We update the history of Section 230 in light of the recent Supreme Court decisions. What it is, what it isn’t and how those decisions affected or didn’t affect the future of the “safe harbor” law in the US.
Featuring Tom Merritt.
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The US Supreme court has decided two cases that challenged protections of Section 230 of the US Communications Decency Act and in both cases the court decided not to touch those protections. In oral arguments for the cases the court indicated they felt maybe Congress should be the one to do that.
Twitter v. Taamneh argued that Twitter provided unlawful material support for failing to remove users from its platform. Gonzalez v. Google claimed that a platform, in this case, YouTube, should be liable for content it recommended to users.
A lot of people misunderstand what Section 230 does and doesn’t do. So in this updated episode, I’ll cover the basics of what it is and what it isn’t and what the court did and did not say in these landmark cases.
We covered the history and meaning of Section 230 in depth in the episode About Safe Harbor in July 2020. So if you want the deep dive please listen to that.
This episode will focus on how to properly explain and think about Section 230 no matter what argument you may or may not be trying to make. You may think Section 230 promotes censorship. You may think it protects big tech companies from responsibility. You may think it should be repealed. Those are all reasonable positions to take. But I often hear people argue these sorts of positions from a starting point that is wrong. I just want to give you the correct starting point from which you can make your argument.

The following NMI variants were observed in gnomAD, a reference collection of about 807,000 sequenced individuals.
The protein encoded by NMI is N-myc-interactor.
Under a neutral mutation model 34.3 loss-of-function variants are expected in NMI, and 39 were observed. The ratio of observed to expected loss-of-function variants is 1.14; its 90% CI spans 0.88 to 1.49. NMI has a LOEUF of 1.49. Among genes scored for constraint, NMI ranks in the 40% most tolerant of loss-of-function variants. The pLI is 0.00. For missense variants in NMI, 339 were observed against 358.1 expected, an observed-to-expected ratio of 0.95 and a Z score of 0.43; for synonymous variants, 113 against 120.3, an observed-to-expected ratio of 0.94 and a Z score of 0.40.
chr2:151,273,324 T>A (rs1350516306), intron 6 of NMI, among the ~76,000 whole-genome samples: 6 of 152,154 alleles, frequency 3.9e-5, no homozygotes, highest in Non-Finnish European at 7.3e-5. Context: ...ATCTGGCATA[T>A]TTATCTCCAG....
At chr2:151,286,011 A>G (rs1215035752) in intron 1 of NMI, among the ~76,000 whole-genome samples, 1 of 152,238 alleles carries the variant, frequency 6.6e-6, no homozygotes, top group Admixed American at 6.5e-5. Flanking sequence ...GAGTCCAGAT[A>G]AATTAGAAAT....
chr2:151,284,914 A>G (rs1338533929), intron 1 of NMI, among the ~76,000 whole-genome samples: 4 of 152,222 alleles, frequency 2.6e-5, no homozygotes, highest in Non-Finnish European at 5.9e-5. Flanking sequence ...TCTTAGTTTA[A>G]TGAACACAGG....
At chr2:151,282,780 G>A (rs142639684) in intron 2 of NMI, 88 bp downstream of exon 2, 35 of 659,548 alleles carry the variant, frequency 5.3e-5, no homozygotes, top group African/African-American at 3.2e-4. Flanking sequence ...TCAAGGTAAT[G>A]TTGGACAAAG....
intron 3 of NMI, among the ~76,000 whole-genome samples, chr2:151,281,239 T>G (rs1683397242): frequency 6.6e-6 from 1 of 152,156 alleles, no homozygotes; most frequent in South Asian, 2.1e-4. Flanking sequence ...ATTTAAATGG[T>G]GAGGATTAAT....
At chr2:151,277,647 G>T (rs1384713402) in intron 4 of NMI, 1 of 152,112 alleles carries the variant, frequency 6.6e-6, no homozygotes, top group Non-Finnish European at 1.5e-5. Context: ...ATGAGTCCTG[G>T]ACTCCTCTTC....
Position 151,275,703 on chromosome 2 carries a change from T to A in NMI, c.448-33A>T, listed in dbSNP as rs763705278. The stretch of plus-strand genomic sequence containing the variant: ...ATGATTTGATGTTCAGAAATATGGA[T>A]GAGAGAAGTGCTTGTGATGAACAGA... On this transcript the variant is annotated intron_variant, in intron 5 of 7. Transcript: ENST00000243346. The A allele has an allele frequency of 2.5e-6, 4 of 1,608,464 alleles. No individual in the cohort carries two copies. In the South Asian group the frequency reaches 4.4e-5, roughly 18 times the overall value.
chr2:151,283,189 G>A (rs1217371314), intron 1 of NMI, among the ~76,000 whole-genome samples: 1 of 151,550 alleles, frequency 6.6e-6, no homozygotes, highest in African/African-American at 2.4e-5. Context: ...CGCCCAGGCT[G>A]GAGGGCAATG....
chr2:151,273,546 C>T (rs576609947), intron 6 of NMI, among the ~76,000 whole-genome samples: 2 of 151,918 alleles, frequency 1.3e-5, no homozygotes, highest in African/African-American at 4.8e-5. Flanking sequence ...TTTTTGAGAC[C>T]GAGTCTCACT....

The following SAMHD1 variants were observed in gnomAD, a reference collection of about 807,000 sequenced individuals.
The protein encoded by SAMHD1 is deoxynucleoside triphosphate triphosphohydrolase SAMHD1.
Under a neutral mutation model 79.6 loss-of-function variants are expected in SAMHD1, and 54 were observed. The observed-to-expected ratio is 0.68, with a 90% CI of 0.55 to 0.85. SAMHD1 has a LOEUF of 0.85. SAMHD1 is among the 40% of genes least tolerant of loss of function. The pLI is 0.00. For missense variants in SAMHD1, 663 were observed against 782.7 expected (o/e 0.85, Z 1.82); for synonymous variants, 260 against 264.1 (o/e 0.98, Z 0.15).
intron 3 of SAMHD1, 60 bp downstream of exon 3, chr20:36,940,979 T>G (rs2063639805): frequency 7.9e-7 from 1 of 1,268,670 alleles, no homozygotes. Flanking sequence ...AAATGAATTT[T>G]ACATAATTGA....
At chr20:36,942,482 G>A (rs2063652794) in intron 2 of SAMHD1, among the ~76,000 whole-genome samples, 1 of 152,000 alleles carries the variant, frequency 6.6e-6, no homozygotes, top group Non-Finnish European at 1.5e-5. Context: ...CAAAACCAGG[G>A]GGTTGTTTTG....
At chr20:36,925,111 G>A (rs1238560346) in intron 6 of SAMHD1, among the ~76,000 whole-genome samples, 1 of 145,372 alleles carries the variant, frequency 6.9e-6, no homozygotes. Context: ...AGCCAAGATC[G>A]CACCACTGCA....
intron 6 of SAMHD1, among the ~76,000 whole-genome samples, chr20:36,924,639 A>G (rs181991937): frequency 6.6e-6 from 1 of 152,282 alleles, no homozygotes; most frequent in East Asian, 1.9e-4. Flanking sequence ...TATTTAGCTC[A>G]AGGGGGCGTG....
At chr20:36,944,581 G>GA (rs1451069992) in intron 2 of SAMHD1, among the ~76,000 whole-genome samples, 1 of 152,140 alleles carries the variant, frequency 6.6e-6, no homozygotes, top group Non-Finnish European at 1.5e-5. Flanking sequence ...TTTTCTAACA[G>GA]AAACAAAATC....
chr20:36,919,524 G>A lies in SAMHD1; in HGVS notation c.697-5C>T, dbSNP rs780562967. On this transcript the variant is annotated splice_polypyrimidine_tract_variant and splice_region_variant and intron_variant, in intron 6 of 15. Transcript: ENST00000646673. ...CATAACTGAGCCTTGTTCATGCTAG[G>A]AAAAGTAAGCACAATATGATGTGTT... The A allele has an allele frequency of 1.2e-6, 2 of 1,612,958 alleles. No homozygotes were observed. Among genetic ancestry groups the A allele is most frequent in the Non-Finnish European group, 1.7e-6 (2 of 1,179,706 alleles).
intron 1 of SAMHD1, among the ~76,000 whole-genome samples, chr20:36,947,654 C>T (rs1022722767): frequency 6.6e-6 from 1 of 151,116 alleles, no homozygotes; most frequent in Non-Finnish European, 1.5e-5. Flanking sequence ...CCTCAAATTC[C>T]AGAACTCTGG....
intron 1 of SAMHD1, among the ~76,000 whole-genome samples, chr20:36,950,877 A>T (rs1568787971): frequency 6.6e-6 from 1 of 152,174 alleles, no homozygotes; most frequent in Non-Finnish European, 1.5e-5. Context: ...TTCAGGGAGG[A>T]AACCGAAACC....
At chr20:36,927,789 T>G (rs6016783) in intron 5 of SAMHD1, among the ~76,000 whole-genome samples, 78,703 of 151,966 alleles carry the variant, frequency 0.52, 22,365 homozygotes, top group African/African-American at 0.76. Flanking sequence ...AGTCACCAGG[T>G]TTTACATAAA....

So let’s start with the folks who say we should just get rid of it. There is a misconception that if we get rid of Section 230 companies would have to take responsibility for the content on their platform or that they would have to stop censoring. Neither one of those things is assured.
Without Section 230, ANY platform. And it’s worth pointing out this applies to a forum you might run on your own website, as well as to Facebook. Without Section 230, any platform would be seen in the eyes of the law as either a publisher of information or a distributor. A publisher is responsible for what it publishes. A distributor is not responsible for the contents of what it distributes.
The easiest way to think about this is a brick and mortar bookstore. The publisher of the books and magazines it sells are responsible for what’s in the books and magazines. The book store is just the distributor. In fact a 1959 Supreme Court case ruled that a bookstore owner cannot be reasonably expected to know the content of every book it sells. They should only be liable if they know or should have known that selling something was specifically illegal. Otherwise the publisher is liable for what’s in the book or magazine.